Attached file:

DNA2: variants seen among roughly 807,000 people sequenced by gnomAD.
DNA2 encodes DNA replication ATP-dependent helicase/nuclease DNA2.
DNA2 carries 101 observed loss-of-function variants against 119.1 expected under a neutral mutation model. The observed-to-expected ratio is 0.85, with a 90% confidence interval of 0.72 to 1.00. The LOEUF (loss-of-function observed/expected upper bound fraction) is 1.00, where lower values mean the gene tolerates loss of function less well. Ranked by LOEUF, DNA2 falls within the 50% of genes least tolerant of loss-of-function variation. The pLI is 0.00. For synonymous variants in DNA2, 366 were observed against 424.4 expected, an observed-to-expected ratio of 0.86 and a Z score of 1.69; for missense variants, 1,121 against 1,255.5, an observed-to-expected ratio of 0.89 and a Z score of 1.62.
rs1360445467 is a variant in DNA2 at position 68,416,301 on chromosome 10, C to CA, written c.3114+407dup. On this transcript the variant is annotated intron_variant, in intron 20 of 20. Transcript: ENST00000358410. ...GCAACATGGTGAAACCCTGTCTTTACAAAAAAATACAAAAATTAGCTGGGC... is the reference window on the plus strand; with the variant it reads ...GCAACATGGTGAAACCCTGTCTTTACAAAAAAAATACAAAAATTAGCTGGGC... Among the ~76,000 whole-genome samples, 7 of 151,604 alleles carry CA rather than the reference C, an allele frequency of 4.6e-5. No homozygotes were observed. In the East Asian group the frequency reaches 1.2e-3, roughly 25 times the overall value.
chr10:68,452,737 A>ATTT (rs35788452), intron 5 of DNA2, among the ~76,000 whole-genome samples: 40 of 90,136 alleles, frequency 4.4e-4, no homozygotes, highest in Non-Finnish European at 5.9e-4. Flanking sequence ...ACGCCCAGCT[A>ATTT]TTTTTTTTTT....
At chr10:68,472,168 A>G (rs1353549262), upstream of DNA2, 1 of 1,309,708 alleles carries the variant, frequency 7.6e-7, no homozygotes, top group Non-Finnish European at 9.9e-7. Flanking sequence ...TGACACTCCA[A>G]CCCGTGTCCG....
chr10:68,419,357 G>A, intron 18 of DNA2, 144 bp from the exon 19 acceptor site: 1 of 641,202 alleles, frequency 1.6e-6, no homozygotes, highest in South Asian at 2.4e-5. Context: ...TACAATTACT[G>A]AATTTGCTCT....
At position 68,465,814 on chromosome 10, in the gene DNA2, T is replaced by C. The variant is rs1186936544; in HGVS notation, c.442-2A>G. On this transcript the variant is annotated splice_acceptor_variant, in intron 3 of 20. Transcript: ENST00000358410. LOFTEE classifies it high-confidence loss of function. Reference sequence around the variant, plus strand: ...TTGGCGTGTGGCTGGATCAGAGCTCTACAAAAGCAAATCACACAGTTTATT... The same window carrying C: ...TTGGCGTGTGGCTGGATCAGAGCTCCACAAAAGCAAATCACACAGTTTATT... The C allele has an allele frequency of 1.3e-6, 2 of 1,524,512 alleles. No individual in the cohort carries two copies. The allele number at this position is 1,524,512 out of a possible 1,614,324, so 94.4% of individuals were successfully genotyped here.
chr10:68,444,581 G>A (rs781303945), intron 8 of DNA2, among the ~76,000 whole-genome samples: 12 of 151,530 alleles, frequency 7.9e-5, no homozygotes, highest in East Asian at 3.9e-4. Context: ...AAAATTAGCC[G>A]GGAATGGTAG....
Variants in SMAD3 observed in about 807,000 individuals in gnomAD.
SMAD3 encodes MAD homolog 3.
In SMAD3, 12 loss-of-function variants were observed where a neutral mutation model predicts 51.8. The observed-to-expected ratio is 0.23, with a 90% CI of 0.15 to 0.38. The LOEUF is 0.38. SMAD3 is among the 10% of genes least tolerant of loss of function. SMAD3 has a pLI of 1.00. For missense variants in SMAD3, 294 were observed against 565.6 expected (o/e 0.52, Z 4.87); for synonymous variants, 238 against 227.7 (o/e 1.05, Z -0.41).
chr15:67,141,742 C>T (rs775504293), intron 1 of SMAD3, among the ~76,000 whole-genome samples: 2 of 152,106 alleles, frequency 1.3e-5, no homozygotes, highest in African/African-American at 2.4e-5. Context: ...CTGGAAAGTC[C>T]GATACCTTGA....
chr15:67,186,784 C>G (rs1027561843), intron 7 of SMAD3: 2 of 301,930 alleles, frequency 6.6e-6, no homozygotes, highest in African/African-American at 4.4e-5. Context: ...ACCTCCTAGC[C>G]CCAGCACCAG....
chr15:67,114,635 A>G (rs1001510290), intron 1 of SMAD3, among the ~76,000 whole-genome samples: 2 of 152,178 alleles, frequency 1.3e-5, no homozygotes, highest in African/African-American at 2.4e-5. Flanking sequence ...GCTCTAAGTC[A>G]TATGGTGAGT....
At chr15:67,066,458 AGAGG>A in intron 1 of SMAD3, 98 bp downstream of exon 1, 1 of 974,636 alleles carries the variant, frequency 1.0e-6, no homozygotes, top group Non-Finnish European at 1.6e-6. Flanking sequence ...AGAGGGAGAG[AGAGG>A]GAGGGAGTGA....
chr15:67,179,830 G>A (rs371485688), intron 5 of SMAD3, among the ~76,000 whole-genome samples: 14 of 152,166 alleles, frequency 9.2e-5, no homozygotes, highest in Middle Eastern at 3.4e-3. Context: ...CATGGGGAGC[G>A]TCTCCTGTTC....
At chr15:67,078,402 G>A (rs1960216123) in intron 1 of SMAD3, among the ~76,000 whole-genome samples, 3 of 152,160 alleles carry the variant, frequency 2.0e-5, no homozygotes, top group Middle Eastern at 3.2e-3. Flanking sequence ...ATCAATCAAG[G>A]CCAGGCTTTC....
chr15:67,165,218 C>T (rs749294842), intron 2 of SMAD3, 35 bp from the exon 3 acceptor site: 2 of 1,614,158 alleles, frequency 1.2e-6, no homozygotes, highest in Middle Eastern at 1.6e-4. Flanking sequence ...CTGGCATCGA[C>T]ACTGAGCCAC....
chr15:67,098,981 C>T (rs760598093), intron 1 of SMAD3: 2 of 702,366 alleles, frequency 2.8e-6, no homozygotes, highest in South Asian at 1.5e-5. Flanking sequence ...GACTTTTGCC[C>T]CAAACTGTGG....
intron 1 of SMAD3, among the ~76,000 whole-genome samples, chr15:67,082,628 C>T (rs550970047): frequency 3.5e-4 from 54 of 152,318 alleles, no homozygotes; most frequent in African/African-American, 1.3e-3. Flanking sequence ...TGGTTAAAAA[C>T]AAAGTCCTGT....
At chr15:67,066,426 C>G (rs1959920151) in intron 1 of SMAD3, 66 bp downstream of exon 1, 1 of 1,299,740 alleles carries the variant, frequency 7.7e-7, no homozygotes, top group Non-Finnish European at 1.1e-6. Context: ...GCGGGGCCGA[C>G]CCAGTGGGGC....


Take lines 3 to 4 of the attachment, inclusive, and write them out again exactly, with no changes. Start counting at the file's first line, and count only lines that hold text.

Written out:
DNA2 carries 101 observed loss-of-function variants against 119.1 expected under a neutral mutation model. The observed-to-expected ratio is 0.85, with a 90% confidence interval of 0.72 to 1.00. The LOEUF (loss-of-function observed/expected upper bound fraction) is 1.00, where lower values mean the gene tolerates loss of function less well. Ranked by LOEUF, DNA2 falls within the 50% of genes least tolerant of loss-of-function variation. The pLI is 0.00. For synonymous variants in DNA2, 366 were observed against 424.4 expected, an observed-to-expected ratio of 0.86 and a Z score of 1.69; for missense variants, 1,121 against 1,255.5, an observed-to-expected ratio of 0.89 and a Z score of 1.62.
rs1360445467 is a variant in DNA2 at position 68,416,301 on chromosome 10, C to CA, written c.3114+407dup. On this transcript the variant is annotated intron_variant, in intron 20 of 20. Transcript: ENST00000358410. ...GCAACATGGTGAAACCCTGTCTTTACAAAAAAATACAAAAATTAGCTGGGC... is the reference window on the plus strand; with the variant it reads ...GCAACATGGTGAAACCCTGTCTTTACAAAAAAAATACAAAAATTAGCTGGGC... Among the ~76,000 whole-genome samples, 7 of 151,604 alleles carry CA rather than the reference C, an allele frequency of 4.6e-5. No homozygotes were observed. In the East Asian group the frequency reaches 1.2e-3, roughly 25 times the overall value.